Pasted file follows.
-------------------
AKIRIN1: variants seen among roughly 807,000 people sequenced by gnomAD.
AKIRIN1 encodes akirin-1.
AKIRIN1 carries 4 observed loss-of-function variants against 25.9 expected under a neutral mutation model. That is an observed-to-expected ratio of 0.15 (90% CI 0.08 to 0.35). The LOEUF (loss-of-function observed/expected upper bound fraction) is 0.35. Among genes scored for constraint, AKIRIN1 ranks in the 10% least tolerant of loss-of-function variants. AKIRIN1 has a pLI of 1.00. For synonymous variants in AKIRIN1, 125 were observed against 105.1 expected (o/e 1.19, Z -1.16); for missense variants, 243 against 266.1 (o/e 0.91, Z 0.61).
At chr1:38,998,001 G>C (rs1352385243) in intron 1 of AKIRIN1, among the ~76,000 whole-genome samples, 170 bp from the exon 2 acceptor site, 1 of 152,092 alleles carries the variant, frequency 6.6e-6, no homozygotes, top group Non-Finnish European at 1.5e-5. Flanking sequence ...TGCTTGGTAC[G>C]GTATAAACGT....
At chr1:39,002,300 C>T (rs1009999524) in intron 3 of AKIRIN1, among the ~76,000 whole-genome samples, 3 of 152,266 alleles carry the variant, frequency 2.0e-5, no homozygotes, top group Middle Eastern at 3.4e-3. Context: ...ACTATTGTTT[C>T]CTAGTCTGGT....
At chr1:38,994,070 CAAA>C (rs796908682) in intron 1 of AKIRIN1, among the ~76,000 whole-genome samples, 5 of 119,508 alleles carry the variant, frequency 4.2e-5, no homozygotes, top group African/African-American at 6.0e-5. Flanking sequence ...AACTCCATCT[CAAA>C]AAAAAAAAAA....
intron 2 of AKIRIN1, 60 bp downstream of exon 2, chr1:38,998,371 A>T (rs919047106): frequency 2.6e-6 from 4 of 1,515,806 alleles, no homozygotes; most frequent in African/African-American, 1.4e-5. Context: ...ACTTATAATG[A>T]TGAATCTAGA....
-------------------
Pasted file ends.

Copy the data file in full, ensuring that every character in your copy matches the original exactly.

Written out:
AKIRIN1: variants seen among roughly 807,000 people sequenced by gnomAD.
AKIRIN1 encodes akirin-1.
AKIRIN1 carries 4 observed loss-of-function variants against 25.9 expected under a neutral mutation model. That is an observed-to-expected ratio of 0.15 (90% CI 0.08 to 0.35). The LOEUF (loss-of-function observed/expected upper bound fraction) is 0.35. Among genes scored for constraint, AKIRIN1 ranks in the 10% least tolerant of loss-of-function variants. AKIRIN1 has a pLI of 1.00. For synonymous variants in AKIRIN1, 125 were observed against 105.1 expected (o/e 1.19, Z -1.16); for missense variants, 243 against 266.1 (o/e 0.91, Z 0.61).
At chr1:38,998,001 G>C (rs1352385243) in intron 1 of AKIRIN1, among the ~76,000 whole-genome samples, 170 bp from the exon 2 acceptor site, 1 of 152,092 alleles carries the variant, frequency 6.6e-6, no homozygotes, top group Non-Finnish European at 1.5e-5. Flanking sequence ...TGCTTGGTAC[G>C]GTATAAACGT....
At chr1:39,002,300 C>T (rs1009999524) in intron 3 of AKIRIN1, among the ~76,000 whole-genome samples, 3 of 152,266 alleles carry the variant, frequency 2.0e-5, no homozygotes, top group Middle Eastern at 3.4e-3. Context: ...ACTATTGTTT[C>T]CTAGTCTGGT....
At chr1:38,994,070 CAAA>C (rs796908682) in intron 1 of AKIRIN1, among the ~76,000 whole-genome samples, 5 of 119,508 alleles carry the variant, frequency 4.2e-5, no homozygotes, top group African/African-American at 6.0e-5. Flanking sequence ...AACTCCATCT[CAAA>C]AAAAAAAAAA....
intron 2 of AKIRIN1, 60 bp downstream of exon 2, chr1:38,998,371 A>T (rs919047106): frequency 2.6e-6 from 4 of 1,515,806 alleles, no homozygotes; most frequent in African/African-American, 1.4e-5. Context: ...ACTTATAATG[A>T]TGAATCTAGA....